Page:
In Kendell, the state also sought an aggravated sentence, but unlike in Chauvin, it did so under the sentencing-enhancement statute codified at Minn. Stat. § 609.1095 (2004).  723 N.W.2d at 604.  In its efforts to effectuate the legislature’s intent regarding sentencing enhancements and to protect Kendell’s Sixth Amendment rights, the district court submitted a special interrogatory to the jury regarding the aggravating factors defined in section 609.1095.  Id.  As in Chauvin, the district court utilized a sentencing jury even though the legislature had neither amended section 609.1095 to bring the unconstitutional judicial-fact-finding provision into compliance with Blakely’s mandate, nor provided guidance as to how a district court should proceed in light of the statute’s constitutional deficiency.  Id. at 610.  Consistent with Chauvin, the Minnesota Supreme Court held that the district court had properly exercised its inherent judicial authority by seeking a jury determination.  Id.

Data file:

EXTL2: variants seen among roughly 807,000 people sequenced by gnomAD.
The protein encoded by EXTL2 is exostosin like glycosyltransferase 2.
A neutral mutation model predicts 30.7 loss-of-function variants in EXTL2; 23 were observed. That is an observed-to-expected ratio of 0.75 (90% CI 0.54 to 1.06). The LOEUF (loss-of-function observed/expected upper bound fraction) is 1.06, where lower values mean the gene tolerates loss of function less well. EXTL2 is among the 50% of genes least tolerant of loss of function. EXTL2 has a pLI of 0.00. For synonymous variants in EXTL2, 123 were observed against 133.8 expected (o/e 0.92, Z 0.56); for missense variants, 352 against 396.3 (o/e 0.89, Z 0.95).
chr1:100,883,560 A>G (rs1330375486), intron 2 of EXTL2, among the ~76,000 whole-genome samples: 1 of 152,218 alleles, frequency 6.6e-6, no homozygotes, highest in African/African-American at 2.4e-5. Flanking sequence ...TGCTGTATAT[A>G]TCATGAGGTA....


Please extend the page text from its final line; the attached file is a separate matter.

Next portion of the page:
As in Shattuck II, Barker, Chauvin, and Kendell, the issues before us are whether the district court possessed the inherent judicial authority to impanel a sentencing jury on remand from our reversal of Boehl’s unconstitutional sentence and, if so, whether it could have properly exercised that authority under the circumstances presented.  But the facts presented here are sufficiently distinguishable to preclude us from squarely applying any of these precedents.